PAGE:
In another whopping example of large real estate owners seeking to capitalize on current market conditions by unloading top-shelf inventory, Boston Properties has reportedly sold its 23-story office building at 125 West 55th Street for $470 million to J.P. Morgan Asset Management.
The deal follows a string of other Class A building sales this year – 550 Madison Avenue, 30 Rockefeller Plaza, 237 Park Avenue and 75 Rockefeller Plaza – which accounted for $3.8 billion of the city’s first quarter dollar volume and created a 46% year-over-year jump, according to data from Avison Young.
Comcast has closed on its $1.3 billion purchase of 1.3 million square feet of office and studio space at 30 Rockefeller Plaza, city records confirm.
The transaction was part of the media and communications giant’s $16.7 billion purchase of a 49 percent stake in NBCUniversal from General Electric, announced last month.
The location, the centerpiece of Rockefeller Center, is host to the property’s annual Christmas tree lighting and inspiration for the title of NBC’s television series “30 Rock.”
In one of the largest real estate deals in recent memory, Comcast will purchase from General Electric the properties used by NBCUniversal at iconic 30 Rockefeller Plaza and CNBC Headquarters as part of its acquisition of GE’s remaining 49 percent equity stake in the media company, it was announced earlier this week.
Though the building is owned by Tishman Speyer, the office and studio space at 30 Rock involved in the deal is owned by GE and is considered a commercial condo. GE will keep space in the building on the 52nd and 53rd floors.
The real estate component of the deal accounts for approximately $1.4 billion of the $16.7 billion transaction and trumps the $1.1 billion sale of the Sony Building to the Chetrit Group last month.
» When the television series 666 Park Avenue debuts this Sunday, it will mark the latest example in a long tradition of writers and directors setting fictional lives in actual New York City real estate. Be it the Ansonia at 2109 Broadway, the real-life address associated with 666 Park Avenue, or 185 East 85th Street, the home of George and Louise Jefferson, the Big Apple is rife with real estate made famous through television shows. With that in mind, The Commercial Observer reached out to Jonathan Miller, president and chief executive of Miller Samuel, for his thoughts on value using what limited information was available back in the day of Manhattan’s most recognizable television co-ops, hangouts and offices spaces. And while the numbers may be surprising, what we still haven’t figured out after all these years is how Joey Tribbiani was able to rent all that prime West Village space on a struggling actor’s salary.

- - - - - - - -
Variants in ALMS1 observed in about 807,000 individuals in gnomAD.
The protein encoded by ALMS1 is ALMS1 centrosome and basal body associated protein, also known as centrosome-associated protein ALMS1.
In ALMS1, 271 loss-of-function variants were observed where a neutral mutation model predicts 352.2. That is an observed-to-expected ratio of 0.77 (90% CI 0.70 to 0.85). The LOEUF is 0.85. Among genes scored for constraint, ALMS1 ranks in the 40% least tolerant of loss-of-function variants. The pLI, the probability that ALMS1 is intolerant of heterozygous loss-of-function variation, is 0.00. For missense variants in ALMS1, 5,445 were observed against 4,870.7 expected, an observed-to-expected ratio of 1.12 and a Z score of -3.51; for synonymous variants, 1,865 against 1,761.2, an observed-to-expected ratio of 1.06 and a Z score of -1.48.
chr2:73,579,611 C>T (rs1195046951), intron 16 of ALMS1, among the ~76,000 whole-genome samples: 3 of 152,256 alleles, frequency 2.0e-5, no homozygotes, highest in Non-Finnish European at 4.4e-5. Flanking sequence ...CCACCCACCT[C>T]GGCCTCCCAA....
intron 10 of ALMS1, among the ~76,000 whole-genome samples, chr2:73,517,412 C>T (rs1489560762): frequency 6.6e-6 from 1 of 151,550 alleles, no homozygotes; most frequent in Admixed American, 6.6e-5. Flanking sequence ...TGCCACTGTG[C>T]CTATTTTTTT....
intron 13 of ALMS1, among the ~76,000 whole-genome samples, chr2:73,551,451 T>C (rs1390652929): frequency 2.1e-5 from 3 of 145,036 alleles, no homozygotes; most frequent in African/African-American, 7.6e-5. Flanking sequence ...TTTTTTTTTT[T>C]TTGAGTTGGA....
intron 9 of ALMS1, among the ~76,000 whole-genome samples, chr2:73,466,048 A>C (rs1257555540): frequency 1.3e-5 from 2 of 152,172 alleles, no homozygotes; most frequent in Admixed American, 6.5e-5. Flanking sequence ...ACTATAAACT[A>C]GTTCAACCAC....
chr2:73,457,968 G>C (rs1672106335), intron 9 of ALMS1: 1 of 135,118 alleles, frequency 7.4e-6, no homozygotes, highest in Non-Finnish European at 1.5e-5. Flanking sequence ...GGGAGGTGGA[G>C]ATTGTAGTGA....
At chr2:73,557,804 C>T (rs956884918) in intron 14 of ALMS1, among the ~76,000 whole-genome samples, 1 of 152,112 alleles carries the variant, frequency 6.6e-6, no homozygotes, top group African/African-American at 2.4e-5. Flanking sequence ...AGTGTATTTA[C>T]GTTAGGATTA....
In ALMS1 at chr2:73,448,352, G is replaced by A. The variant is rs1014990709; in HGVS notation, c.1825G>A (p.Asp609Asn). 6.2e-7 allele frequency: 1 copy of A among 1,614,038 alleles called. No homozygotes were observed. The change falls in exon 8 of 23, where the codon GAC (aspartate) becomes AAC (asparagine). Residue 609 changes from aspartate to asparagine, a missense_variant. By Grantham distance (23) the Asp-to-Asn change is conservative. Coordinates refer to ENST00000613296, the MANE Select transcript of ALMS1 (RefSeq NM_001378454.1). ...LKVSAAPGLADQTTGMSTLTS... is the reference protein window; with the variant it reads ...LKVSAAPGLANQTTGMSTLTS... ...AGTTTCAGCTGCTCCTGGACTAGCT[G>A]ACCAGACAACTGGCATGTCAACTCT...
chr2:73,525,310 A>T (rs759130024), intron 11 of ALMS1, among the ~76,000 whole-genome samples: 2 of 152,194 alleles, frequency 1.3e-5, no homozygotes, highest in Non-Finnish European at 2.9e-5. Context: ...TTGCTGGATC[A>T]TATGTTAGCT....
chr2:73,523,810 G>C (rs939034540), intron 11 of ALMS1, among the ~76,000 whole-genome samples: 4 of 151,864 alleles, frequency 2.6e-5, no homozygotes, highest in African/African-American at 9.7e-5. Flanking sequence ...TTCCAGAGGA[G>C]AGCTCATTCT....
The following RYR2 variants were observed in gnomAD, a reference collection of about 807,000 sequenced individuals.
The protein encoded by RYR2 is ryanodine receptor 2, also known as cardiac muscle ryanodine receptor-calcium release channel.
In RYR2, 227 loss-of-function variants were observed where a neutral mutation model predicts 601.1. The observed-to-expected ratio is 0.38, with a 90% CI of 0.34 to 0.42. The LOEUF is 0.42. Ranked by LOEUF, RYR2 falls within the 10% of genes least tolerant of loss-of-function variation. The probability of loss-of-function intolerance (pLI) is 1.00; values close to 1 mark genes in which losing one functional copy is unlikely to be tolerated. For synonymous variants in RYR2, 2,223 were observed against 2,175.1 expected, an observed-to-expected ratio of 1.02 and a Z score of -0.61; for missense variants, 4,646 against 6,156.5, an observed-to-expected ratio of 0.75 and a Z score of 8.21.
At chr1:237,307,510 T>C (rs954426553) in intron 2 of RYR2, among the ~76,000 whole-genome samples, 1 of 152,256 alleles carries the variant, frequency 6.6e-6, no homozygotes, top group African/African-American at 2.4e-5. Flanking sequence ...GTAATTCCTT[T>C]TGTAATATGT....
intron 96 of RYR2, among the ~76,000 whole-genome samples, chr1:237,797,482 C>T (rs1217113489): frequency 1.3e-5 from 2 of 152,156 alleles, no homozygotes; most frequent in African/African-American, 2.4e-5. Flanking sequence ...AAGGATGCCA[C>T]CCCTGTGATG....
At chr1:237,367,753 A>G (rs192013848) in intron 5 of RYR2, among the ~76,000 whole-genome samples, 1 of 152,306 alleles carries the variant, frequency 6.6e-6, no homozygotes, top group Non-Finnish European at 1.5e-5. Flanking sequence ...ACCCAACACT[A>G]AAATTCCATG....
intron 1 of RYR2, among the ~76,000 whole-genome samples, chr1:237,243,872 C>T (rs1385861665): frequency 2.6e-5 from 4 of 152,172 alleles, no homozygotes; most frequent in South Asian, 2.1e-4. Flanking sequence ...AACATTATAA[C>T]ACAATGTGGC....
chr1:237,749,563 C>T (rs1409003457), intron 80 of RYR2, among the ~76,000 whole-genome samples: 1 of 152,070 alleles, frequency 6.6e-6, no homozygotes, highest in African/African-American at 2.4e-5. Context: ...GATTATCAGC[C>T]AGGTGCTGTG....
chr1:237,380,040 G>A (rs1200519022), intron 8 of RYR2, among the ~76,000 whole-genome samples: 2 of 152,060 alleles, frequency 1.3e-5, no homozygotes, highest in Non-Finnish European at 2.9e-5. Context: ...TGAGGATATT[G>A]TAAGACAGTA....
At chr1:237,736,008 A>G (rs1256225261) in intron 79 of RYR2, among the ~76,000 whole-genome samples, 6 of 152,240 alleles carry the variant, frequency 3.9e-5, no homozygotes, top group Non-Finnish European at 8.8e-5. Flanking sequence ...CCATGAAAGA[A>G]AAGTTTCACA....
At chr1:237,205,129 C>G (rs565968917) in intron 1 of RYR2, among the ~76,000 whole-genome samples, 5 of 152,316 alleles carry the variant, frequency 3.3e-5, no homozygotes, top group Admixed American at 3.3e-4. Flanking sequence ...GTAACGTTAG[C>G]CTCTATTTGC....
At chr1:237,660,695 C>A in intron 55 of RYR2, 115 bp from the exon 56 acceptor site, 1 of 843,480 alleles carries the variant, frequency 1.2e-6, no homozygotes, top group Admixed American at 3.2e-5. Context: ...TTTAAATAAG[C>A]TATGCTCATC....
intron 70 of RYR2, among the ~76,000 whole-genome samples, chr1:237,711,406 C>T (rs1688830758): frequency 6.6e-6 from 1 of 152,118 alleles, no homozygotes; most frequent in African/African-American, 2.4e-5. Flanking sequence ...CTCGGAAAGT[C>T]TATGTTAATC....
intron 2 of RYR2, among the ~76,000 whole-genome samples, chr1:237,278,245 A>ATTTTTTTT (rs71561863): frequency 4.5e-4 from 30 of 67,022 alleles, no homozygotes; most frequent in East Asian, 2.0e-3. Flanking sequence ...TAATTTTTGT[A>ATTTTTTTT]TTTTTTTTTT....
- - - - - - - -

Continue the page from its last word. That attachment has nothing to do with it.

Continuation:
It was the velvet drapes, crystal chandeliers and one-of-a-kind revolving dance floor that first drew Manhattan’s upper crust to the Rainbow Room when it opened in 1934, and it may be those same Jacques Carlu-designed features that help immortalize it next week.
Indeed, a full four years after the glamorous Art Moderne restaurant and nightclub was shuttered amid a drawn-out feud between landlord Tishman Speyer and the Cipriani family, the Landmarks Preservation Commission is now set to consider the space for a rare interior landmark designation, which would simultaneously protect it from alterations by future tenants while arguably reducing the number of potential suitors for the 65th-floor space.
While all eyes will be on the Rainbow Room when officials meet September 11, The Commercial Observer will also be paying attention to a host of other landmarks issues tentatively scheduled for next week’s LPC docket. After the jump, we handicap the odds.
Perkins Coie has signed a sublease expanding their office at 30 Rockefeller Plaza.
The law firm will be taking over Squire Sanders’ 24,258 square foot floor in the building. The office currently houses forty employees consisting of seventeen attorneys, a patent agent, and twelve general staff members.
“We are excited to expand our office space Read More
Chadbourne & Parke LLP is going forward with a deal to move its headquarters to 1301 Avenue of the Americas, several sources have told The Commercial Observer.
The law firm had been shopping around the Manhattan market for months in search of a new home, coming close to leases at One World Trade Center and 230 Park Avenue only to pull away and resume its search.
Just weeks into the second quarter, brokers are already saying that caution continues to linger in the city’s leasing market.
After one of the slowest quarter in years during the first three months of the year, a number of large transactions that have been
rumored to be in talks for months remain in negotiations and big tenants who do have to lease space have made decisions that reflect a
sense of conservatism.
World Trade Center
110-year-old law firm Chadbourne & Parke has reportedly backed out of its lease negotiations with 1 World Trade Center, the NY Post reports.
The firm was believed to have been interested in more than 200,000 square feet at 1 World Trade Center
Chadbourne reportedly told the Port Authority and the Durst Organization, the owners Read More
Already among Manhattan’s top tenants, in terms of space, Lazard, the financial advisory and asset management firm, has renewed its lease at Rockefeller Center, taking an additional 60,000 square feet. The 21-year renewal lease with Tishman Speyer for office space at 30 Rockefeller Plaza will bring the firm’s total square footage to a whopping 430,000 Read More
Big Real Estate
In their first move since being acquired by Kableto–er–Comcast, NBC Universal just inked a 10-year deal for over 1.4 million square feet of office condos at Rockefeller Center, with over 700,000 square feet of it at 30 Rock alone, the Post reports.
In addition to the massive lease at 30 Rock, NBCU has Read More